Pakistani Christian woman on death row for blasphemy nominated for Sakharov Prize

A Pakistani Christian woman who was sentenced to death in 2010 because of the country's blasphemy law has been nominated by the Members of the European Parliament for the Sakharov Prize for Freedom of Thought this year.

(REUTERS / Asad Karim / Files)File photo of a police official taking the thumb print of Asia Bibi, a Pakistani Christian woman who has been sentenced to death for blasphemy, on an affidavit stating her innocence after she was visited by the Governor of the former Punjab Province Salman Taseer (R).

During a joint meeting of the foreign affairs, development, and human rights committees held in Strasbourg on Oct. 2, Polish MEP Anna Fotyga commended the behavior of Pakistani Christian woman Asia Bibi while in prison. Bibi is among the six nominees for this year's Sakharov Prize, which is given to individuals and organizations that defend human rights and freedoms, Radio Free Europe – Radio Liberty detailed.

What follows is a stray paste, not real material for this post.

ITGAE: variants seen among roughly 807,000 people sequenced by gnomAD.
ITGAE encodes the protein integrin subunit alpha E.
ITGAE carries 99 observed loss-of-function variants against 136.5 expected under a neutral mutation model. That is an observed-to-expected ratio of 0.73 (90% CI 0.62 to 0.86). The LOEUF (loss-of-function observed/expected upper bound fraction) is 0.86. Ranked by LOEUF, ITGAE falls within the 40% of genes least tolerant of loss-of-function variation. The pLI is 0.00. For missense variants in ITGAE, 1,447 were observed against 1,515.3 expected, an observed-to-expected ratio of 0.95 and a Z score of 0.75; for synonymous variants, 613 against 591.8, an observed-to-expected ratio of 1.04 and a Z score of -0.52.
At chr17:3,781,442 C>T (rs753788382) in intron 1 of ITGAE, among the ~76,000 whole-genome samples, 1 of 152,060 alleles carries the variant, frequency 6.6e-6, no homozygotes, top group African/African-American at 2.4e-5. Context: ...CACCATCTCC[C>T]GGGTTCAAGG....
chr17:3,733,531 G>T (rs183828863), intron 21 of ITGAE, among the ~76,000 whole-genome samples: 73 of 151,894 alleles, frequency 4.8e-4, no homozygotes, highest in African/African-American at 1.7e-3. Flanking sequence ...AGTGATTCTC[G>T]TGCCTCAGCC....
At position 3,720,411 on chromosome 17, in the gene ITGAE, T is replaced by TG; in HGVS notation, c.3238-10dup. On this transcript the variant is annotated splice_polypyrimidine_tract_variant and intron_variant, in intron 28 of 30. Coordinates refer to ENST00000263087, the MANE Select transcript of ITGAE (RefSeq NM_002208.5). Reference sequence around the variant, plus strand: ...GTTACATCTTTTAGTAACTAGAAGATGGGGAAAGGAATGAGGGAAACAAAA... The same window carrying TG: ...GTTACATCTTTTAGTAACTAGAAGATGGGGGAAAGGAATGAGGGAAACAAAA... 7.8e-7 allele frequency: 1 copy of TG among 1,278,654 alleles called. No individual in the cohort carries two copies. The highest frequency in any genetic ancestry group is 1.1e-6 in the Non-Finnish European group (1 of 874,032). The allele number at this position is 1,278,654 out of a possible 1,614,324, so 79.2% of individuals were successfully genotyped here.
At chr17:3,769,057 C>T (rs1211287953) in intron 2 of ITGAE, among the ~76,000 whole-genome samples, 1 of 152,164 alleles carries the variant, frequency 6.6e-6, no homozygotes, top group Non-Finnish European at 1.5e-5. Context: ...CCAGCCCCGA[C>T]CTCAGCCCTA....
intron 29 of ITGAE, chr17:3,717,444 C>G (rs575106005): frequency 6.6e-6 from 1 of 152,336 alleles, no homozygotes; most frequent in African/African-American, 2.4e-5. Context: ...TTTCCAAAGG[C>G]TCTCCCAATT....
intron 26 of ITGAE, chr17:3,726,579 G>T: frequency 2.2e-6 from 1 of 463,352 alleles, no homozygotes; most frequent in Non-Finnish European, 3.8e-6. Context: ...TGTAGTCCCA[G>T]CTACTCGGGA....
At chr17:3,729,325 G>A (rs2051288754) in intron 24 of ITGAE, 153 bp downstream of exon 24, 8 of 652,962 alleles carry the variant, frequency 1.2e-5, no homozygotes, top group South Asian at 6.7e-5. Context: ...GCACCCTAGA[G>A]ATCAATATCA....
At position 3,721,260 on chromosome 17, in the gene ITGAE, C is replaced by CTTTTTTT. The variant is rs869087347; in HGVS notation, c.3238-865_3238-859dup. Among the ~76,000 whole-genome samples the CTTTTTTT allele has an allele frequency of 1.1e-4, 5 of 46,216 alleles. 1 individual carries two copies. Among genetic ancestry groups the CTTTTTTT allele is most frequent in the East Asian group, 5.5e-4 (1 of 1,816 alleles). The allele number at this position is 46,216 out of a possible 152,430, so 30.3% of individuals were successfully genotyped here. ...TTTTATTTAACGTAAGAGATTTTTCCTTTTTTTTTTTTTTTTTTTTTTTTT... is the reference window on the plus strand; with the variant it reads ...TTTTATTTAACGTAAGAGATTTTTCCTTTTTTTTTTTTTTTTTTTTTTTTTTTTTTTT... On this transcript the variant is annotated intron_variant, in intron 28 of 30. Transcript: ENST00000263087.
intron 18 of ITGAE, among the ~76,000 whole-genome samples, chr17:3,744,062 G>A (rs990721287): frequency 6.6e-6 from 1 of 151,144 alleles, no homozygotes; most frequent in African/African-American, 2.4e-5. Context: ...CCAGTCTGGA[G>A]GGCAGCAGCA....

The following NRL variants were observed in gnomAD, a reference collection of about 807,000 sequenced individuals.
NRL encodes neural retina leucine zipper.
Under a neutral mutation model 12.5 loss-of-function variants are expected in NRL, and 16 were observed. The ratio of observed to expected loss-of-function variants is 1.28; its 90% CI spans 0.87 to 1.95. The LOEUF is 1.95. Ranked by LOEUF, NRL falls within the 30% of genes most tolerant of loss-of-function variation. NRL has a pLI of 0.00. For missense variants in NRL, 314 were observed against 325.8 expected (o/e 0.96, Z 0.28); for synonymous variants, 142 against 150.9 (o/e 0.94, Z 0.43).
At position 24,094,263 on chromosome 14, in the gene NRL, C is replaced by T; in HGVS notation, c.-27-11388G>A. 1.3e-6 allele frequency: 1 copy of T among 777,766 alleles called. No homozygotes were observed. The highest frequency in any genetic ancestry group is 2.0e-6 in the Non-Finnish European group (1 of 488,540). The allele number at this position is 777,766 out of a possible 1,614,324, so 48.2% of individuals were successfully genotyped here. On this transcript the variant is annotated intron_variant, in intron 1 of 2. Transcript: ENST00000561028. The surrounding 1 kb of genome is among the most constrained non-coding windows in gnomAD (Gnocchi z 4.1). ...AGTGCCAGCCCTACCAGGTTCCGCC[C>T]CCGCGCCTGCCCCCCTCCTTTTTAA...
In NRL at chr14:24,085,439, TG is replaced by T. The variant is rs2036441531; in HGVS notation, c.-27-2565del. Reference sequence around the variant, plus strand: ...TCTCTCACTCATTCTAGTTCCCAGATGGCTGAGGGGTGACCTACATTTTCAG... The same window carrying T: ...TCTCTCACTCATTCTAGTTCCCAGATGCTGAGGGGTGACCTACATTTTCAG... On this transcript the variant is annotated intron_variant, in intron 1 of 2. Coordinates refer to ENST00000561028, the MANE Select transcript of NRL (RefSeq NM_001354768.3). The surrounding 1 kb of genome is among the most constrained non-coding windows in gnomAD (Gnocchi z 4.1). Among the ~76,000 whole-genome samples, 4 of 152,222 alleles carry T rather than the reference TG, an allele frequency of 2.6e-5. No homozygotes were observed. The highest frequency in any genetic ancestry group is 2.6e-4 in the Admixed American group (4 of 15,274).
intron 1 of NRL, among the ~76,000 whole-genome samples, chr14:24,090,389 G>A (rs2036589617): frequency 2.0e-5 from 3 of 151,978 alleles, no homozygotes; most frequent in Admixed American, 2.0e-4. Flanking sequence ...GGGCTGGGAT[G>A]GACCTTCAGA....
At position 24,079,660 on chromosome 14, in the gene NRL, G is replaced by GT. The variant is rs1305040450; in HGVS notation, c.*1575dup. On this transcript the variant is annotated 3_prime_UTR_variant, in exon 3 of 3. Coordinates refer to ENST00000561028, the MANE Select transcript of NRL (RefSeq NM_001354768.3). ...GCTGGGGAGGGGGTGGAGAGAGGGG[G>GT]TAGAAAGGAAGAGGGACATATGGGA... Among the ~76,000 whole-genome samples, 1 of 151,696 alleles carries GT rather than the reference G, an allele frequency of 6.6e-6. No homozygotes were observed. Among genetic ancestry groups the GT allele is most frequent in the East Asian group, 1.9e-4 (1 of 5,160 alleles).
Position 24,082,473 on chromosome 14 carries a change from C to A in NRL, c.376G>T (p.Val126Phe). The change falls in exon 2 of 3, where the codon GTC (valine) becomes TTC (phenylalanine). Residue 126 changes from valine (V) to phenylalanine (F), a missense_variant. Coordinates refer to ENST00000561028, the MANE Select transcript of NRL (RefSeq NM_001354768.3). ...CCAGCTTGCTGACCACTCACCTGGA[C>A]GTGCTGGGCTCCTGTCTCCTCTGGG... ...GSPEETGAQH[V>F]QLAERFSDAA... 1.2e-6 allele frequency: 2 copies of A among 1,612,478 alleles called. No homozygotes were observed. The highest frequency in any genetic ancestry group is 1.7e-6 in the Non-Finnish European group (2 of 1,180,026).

According to Fotyga, Bibi's "behavior in prison, the dignity she has shown during all these years is the best proof of her being able to represent the dignity of a defender of human rights in the face of the worst fate."

Bibi was convicted and sentenced to death by hanging almost seven years ago after being charged with blasphemy over an argument she had with a Muslim woman. Her supporters say she is innocent and that the blasphemy law is just being used against her to settle a personal dispute.

Aside from Bibi, the other nominees for the Sakharov Prize are Aura Lolita Chavez Ixcaquic, Selahattin Demirtas, Figen Yuksekdag, Dawit Isaak, and Pierre Claver Mbonimpa.

The European Parliament's foreign affairs and development committees are set to vote on three finalists on Oct. 10 and the awardee will be announced on Oct. 26. The awarding of the Sakharov Prize will be held at the parliament in Strasbourg this December.

Malala Yousafzai, a 19-year-old Pakistani girl, was also a recipient of the prestigious Sakharov Prize, among many other human rights awards. She has also been named as the UN Messenger of Peace and had received the Nobel Peace Prize last year, Deutsche Welle reported.

Yousafzai was shot by Taliban militants in October 2012 for allegedly promoting "secularism" in Pakistan. She received treatment for her injuries in Pakistan and in the U.K., where she now lives with her family. The young activist gained international praise for campaigning for girls' right to education in her hometown and for writing about the abuses of the Taliban.